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Filtering documents by extracting some or all of the content contained in each document. Modern search engines all use content-based filtering in combination with other filtering mechanisms.

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Total cost per sale, calculated by dividing the total cost of an advertising campaign by the number of resulting sales.

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Conversion points are the points at which your customers have completed a specific action on your website.

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In the context of web design, conversion rate (CR) refers to the percentage of web site visitors that take the intended action such as signing up for a newsletter or making a purchase. In other words, what percentage of your web site visitors do what you want them to do.

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In web design, a cookie is a small text file that a web site saves on a user’s computer. The cookie stores information about that user. On the user’s next visit to the same web site, the web site retrieves the cookie to access the information. Cookies are useful for saving bits of information like

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Typically accompanied by something like “You are visitor number ___ since Oct 2018”. Counters count page views, not visitors.

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Cost per thousand impressions (M= Roman numeral for 1000). A pricing system often used in the banner advertising industry.

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Referring to links between a family of domains – for example your business site, your personal homepage and your cat’s homepage.

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CSS (Cascading Style Sheet) is a style sheet language that determines the look of elements on a web page.

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The practice of buying domains that contain popular trade names (for example fordmotors.com) or are common misspellings of popular trade names (for example gogle.com). The intent is usually to either resell the domain or to pull traffic through misspellings, rather than to develop a serious, unique site.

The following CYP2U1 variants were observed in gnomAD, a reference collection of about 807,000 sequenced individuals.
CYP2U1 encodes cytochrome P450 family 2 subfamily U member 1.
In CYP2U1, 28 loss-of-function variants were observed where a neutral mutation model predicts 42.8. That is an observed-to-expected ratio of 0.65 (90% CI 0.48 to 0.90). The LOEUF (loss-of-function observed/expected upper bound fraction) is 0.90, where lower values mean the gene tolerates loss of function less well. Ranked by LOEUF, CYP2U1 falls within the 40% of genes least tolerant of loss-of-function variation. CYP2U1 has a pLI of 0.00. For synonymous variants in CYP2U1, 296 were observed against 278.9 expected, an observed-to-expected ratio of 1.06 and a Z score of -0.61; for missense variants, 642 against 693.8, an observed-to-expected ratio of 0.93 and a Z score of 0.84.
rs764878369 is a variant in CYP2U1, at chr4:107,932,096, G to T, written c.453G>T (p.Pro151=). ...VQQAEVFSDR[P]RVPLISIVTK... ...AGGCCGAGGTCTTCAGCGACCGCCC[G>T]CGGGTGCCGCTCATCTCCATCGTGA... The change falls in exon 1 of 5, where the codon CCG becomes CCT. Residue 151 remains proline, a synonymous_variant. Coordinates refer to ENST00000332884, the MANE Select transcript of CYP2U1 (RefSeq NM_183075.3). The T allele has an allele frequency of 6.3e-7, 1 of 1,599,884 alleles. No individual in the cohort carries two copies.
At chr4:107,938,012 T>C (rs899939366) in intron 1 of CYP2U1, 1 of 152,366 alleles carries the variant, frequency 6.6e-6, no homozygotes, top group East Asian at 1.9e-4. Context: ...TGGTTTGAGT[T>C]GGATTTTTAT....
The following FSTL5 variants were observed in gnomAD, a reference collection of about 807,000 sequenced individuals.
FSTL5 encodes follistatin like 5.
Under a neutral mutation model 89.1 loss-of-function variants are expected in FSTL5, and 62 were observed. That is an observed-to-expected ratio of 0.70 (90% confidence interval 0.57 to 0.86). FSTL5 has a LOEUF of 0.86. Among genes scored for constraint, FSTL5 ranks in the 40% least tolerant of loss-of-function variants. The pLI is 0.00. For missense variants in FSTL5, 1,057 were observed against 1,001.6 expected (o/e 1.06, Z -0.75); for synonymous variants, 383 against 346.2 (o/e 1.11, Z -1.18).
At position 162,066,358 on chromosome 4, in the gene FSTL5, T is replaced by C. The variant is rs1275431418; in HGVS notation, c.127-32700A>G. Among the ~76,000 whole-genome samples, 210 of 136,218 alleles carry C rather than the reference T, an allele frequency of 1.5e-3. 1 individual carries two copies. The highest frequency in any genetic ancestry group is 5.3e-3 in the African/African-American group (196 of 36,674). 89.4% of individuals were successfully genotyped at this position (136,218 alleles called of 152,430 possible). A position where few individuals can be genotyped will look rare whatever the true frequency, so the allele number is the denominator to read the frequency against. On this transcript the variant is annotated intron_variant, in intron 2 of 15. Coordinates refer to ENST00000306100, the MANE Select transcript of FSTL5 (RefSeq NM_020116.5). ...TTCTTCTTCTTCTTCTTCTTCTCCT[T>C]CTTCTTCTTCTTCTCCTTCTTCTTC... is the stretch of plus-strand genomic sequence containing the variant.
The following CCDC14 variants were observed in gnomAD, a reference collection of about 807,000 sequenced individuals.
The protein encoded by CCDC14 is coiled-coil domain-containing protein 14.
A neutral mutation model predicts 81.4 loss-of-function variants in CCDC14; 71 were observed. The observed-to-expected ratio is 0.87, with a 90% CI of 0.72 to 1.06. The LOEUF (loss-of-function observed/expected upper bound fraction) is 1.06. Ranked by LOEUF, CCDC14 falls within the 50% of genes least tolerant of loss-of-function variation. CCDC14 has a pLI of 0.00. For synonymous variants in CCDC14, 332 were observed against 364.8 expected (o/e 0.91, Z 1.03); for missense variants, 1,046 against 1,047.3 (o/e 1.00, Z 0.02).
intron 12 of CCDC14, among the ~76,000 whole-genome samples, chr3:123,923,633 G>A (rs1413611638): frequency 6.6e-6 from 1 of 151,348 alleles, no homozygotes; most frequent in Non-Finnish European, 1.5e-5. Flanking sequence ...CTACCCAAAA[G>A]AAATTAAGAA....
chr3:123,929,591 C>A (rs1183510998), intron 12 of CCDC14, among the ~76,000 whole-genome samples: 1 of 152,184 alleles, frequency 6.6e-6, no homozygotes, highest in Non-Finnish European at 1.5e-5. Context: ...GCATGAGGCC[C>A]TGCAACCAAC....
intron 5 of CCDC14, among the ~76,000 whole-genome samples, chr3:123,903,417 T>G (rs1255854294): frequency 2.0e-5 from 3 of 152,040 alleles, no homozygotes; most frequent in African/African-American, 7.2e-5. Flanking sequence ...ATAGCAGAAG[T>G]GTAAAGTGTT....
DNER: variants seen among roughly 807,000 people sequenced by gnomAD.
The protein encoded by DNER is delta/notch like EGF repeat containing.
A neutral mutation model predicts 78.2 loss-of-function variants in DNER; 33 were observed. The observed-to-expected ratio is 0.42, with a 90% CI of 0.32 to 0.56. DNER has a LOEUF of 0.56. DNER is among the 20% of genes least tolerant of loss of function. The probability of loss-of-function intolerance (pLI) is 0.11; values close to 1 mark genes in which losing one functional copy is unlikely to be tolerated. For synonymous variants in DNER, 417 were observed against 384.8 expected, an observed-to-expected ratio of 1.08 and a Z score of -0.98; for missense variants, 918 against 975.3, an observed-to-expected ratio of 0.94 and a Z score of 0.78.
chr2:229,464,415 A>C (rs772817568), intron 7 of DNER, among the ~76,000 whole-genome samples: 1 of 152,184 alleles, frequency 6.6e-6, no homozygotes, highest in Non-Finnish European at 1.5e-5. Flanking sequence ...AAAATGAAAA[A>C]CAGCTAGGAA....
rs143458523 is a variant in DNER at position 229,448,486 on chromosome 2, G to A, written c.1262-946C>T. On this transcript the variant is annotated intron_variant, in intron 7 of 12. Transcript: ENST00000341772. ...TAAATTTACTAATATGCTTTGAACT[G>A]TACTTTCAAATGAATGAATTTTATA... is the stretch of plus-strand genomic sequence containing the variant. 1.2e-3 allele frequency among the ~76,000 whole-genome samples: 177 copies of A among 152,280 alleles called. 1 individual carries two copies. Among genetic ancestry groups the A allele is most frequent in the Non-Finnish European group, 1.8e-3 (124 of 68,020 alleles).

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Referring to professional online researchers. Sometimes also referred to as “super searchers”.

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Data visualisation brings your difficult to read data to life in a captivating, image-based and shareable way.

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A database is a collection of data, organised into tables and records. In web design, a web site that writes to a database and/or displays information from a database is referred to as a dynamic web site. Databases are typically used to store information like user account information, product information etc.

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A dedicated server is a web server that is used to host one web site only. All the resources on the server is available exclusively to the web site. This is in contrast to shared hosting where the resources are shared by multiple web sites hosted on the server.

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Referring to the removal of pages from a search engine index. De-listing can occur at the request of the site owner or a variety of other reasons. Most often, delisting occurs when a page breaks a search engines terms of service.

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Deprecated tags, elements or attributes are ones that have become obsolete or they have been replaced by newer versions. Continuing to use a deprecated tag/element/attribute might seem to work fine, but it will eventually stop working as newer web browsers stop supporting it.